U.S. considers welcoming Hong Kong residents as China’s security bill threatens freedoms

Call for Canada to liberalize immigration policy amid dispute between Hong Kong, China
Emily Lau, former Chairperson of the Democratic Party of Hong Kong, tells Mercedes Stephenson people in Hong Kong are very worried about China’s new national security legislation and it may result in many people wanting to emigrate.

The United States is considering the option of welcoming people from Hong Kong in response to China’s push to impose national security legislation in the former British colony, U.S. Secretary of State Mike Pompeo said in remarks released on Monday.

Influential Republican Senate leader Mitch McConnell also said on Monday he hoped the Trump administration would soon identify specific ways to “impose costs on Beijing” for curbing freedoms in Hong Kong.

McConnell said the United States should mirror the response of other democracies and open its doors to people from the territory.

READ MORE: China could keep dual citizenship Canadians from leaving Hong Kong amid protests

Addressing the Senate, McConnell said the United States had “a rich heritage of standing as a beacon of light” to refugees from war and communism.

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“We should exercise it again for the people of Hong Kong,” he said.

Protesters rally against China’s proposed new security law
Protesters rally against China’s proposed new security law

President Donald Trump on Friday ordered his administration to begin the process of eliminating special U.S. treatment for Hong Kong to punish China for curbing freedoms there, but stopped short of immediately ending privileges that have helped the territory remain a global financial center.

Last week, Britain said it was prepared to offer extended visa rights and a pathway to citizenship for almost 3 million Hong Kong residents.

READ MORE: ‘Path to citizenship’ — U.K. may extend visa rights to nearly 3 million in Hong Kong

While speaking to the American Enterprise Institute on Friday, Pompeo was asked if Washington was considering welcoming people from Hong Kong “to come here and bring their entrepreneurial creativity”.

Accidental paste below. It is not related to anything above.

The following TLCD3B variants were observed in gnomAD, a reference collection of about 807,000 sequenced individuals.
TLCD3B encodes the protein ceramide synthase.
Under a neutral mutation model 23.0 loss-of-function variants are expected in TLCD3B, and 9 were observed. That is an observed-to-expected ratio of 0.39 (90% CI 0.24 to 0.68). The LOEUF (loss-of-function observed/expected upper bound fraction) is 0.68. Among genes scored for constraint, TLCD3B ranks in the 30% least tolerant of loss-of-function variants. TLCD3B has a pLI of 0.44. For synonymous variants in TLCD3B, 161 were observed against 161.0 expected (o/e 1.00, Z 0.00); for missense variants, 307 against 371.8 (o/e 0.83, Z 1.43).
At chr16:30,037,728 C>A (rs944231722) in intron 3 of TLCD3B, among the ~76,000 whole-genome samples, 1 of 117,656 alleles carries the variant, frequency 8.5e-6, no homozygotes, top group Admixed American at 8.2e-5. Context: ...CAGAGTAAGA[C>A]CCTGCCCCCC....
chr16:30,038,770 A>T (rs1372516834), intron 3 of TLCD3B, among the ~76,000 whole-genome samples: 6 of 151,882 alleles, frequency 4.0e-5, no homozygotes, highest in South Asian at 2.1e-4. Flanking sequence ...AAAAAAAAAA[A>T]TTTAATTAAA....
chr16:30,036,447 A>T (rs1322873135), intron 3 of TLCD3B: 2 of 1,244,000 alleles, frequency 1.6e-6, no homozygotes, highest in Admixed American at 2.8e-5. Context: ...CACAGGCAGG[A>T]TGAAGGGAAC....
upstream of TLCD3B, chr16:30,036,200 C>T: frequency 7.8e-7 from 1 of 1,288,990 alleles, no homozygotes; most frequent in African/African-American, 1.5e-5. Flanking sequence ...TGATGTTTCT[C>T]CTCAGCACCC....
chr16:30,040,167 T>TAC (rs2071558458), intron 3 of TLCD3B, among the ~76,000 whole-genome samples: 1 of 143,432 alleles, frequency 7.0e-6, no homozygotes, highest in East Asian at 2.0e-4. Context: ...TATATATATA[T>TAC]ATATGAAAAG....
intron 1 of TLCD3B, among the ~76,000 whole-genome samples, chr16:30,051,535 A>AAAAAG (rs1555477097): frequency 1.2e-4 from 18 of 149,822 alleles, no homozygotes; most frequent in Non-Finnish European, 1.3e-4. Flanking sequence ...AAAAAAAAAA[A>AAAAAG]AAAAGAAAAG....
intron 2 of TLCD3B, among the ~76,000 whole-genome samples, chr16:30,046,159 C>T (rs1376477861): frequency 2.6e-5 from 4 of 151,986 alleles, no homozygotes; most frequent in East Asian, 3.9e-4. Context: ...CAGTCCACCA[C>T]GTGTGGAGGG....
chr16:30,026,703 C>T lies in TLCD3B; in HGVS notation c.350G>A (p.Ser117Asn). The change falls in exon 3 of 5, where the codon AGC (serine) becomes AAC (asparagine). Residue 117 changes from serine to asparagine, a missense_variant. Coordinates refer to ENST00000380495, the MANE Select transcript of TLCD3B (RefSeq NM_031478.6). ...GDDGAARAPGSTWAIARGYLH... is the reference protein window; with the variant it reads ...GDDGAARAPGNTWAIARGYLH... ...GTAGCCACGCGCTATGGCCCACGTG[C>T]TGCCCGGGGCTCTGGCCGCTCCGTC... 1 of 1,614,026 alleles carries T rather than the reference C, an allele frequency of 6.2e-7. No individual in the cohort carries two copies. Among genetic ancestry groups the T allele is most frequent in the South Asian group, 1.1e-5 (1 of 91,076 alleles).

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“We are considering it. I don’t know precisely how it will play out,” he replied in remarks shared by the State Department on Monday.

“The British have, as you know, a different relationship. A lot of these folks have British national passports. There’s a long history between Hong Kong and the United Kingdom; it’s very different. But we’re taking a look at it,” he added.

When asked about Pompeo’s comments, Chinese foreign ministry spokesman Zhao Lijian said on Tuesday that China would not tolerate any foreign interference in Hong Kong.

“We wish the U.S. would do more to benefit Hong Kong’s stability and prosperity and the development of China-U.S. relations,” he said, speaking at a daily news conference in Beijing.

Last year, Trump approved legislation stating that Hong Kong residents may not be denied visas because they have been subjected to politically motivated arrest, detention, or other “adverse” government action.

READ MORE: U.S., Britain anger China at UN meeting after raising concerns on Hong Kong

On Friday, Trump also issued a proclamation suspending entry of Chinese nationals identified as potential security risks, something sources said could affect thousands.

In a statement on Monday, Pompeo said the move would apply only to graduate students and researchers “targeted, co-opted and exploited” by the Chinese government, representing “only a small subset” of such applicants.

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UK considers “path to citizenship” for Hong Kong residents
UK considers “path to citizenship” for Hong Kong residents